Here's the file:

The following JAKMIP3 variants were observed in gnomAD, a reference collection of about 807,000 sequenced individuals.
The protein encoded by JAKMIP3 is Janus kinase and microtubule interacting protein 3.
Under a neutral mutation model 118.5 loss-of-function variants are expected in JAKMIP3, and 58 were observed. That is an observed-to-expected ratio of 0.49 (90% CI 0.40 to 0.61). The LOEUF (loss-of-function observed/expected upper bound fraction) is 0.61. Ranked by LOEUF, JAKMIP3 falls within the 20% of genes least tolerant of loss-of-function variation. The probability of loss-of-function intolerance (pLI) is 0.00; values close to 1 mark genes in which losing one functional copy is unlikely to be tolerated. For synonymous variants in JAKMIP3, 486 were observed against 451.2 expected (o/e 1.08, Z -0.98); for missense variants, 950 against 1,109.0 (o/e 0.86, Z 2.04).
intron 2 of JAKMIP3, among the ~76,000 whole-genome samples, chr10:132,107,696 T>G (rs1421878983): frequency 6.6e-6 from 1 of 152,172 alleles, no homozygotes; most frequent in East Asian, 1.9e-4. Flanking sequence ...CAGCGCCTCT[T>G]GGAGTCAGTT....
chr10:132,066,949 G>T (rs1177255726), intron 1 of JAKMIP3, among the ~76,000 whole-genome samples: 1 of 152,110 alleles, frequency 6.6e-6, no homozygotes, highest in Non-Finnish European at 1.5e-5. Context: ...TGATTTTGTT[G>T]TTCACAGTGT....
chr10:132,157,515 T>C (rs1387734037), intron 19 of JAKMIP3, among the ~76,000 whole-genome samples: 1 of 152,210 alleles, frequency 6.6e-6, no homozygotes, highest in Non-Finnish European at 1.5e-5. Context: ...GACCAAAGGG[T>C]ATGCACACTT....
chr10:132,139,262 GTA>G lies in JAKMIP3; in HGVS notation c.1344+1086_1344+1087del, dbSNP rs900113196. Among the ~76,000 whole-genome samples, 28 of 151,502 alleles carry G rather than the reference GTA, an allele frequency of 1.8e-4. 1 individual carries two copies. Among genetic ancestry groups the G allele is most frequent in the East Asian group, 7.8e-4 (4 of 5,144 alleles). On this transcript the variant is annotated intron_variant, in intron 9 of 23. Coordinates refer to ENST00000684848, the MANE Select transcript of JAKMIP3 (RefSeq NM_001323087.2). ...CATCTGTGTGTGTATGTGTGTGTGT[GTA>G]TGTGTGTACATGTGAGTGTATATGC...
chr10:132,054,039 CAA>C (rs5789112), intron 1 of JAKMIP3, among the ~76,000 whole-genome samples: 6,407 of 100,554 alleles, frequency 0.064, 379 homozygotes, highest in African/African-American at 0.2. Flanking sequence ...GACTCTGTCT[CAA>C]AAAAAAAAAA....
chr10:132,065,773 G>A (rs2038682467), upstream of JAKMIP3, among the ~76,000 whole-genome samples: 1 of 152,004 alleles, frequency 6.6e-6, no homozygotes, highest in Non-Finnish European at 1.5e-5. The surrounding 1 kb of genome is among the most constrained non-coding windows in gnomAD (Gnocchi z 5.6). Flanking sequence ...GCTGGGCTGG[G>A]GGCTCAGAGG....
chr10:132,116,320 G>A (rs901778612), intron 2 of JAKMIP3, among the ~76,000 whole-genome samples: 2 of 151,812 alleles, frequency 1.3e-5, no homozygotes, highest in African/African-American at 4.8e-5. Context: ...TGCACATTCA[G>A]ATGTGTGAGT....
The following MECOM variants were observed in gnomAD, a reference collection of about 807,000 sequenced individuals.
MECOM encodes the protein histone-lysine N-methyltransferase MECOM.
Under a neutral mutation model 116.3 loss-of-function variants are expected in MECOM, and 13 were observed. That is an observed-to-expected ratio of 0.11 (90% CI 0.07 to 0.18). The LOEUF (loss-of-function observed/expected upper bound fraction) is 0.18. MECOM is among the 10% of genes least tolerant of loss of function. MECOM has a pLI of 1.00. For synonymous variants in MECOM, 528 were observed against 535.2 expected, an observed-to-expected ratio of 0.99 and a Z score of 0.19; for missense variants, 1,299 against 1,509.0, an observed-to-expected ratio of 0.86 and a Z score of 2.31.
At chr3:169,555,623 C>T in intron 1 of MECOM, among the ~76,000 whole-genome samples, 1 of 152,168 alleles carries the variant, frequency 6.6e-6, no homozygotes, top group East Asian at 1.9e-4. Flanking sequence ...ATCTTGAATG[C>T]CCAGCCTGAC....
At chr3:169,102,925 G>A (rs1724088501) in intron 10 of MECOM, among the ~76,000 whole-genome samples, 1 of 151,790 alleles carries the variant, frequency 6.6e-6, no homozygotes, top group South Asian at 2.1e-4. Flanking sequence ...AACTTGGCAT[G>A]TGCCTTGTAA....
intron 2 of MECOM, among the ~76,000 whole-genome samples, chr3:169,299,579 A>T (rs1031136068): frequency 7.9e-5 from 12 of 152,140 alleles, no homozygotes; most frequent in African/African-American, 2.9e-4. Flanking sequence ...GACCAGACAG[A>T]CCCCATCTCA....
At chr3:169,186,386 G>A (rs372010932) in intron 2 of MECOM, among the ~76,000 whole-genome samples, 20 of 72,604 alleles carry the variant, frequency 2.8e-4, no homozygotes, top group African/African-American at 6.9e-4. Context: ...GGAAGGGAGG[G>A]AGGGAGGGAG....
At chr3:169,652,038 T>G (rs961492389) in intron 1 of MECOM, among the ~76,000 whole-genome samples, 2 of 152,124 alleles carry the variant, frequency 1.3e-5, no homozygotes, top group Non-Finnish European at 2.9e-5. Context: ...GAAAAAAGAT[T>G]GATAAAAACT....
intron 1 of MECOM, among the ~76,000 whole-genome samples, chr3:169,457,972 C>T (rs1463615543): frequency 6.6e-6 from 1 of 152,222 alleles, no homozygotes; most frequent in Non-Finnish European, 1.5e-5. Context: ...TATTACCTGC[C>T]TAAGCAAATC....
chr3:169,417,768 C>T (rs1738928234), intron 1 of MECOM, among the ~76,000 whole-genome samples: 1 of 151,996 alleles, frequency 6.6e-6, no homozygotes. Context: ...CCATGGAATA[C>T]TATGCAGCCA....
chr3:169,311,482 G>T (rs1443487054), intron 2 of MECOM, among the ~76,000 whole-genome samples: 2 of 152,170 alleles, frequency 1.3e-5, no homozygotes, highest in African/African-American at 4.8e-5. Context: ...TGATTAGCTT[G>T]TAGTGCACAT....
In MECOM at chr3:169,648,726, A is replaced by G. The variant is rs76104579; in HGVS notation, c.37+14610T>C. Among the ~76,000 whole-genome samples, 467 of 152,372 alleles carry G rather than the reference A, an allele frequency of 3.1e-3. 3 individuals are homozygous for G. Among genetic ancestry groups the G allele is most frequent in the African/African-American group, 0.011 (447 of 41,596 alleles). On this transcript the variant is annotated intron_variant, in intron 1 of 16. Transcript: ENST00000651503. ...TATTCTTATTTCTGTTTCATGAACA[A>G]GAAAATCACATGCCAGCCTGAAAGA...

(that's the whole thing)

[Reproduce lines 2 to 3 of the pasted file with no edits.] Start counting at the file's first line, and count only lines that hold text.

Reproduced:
The protein encoded by JAKMIP3 is Janus kinase and microtubule interacting protein 3.
Under a neutral mutation model 118.5 loss-of-function variants are expected in JAKMIP3, and 58 were observed. That is an observed-to-expected ratio of 0.49 (90% CI 0.40 to 0.61). The LOEUF (loss-of-function observed/expected upper bound fraction) is 0.61. Ranked by LOEUF, JAKMIP3 falls within the 20% of genes least tolerant of loss-of-function variation. The probability of loss-of-function intolerance (pLI) is 0.00; values close to 1 mark genes in which losing one functional copy is unlikely to be tolerated. For synonymous variants in JAKMIP3, 486 were observed against 451.2 expected (o/e 1.08, Z -0.98); for missense variants, 950 against 1,109.0 (o/e 0.86, Z 2.04).